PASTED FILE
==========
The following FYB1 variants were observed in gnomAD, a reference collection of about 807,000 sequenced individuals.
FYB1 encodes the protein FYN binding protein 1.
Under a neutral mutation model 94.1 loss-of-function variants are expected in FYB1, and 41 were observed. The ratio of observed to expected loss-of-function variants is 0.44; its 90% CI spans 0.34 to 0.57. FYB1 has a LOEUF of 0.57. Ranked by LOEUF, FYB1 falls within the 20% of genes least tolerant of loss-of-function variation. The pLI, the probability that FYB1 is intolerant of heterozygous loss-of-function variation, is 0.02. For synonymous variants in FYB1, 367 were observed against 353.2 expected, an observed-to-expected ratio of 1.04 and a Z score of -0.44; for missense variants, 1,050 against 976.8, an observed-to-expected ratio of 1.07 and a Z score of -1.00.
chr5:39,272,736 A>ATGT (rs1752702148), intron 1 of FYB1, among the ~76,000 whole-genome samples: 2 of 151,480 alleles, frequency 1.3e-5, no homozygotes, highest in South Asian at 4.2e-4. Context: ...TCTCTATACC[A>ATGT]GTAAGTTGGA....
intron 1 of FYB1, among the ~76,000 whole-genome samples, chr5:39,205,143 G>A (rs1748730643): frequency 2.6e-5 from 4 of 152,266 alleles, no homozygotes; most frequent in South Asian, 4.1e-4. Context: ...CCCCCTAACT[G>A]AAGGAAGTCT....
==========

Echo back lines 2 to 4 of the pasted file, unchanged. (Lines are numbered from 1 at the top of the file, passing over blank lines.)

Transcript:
FYB1 encodes the protein FYN binding protein 1.
Under a neutral mutation model 94.1 loss-of-function variants are expected in FYB1, and 41 were observed. The ratio of observed to expected loss-of-function variants is 0.44; its 90% CI spans 0.34 to 0.57. FYB1 has a LOEUF of 0.57. Ranked by LOEUF, FYB1 falls within the 20% of genes least tolerant of loss-of-function variation. The pLI, the probability that FYB1 is intolerant of heterozygous loss-of-function variation, is 0.02. For synonymous variants in FYB1, 367 were observed against 353.2 expected, an observed-to-expected ratio of 1.04 and a Z score of -0.44; for missense variants, 1,050 against 976.8, an observed-to-expected ratio of 1.07 and a Z score of -1.00.
chr5:39,272,736 A>ATGT (rs1752702148), intron 1 of FYB1, among the ~76,000 whole-genome samples: 2 of 151,480 alleles, frequency 1.3e-5, no homozygotes, highest in South Asian at 4.2e-4. Context: ...TCTCTATACC[A>ATGT]GTAAGTTGGA....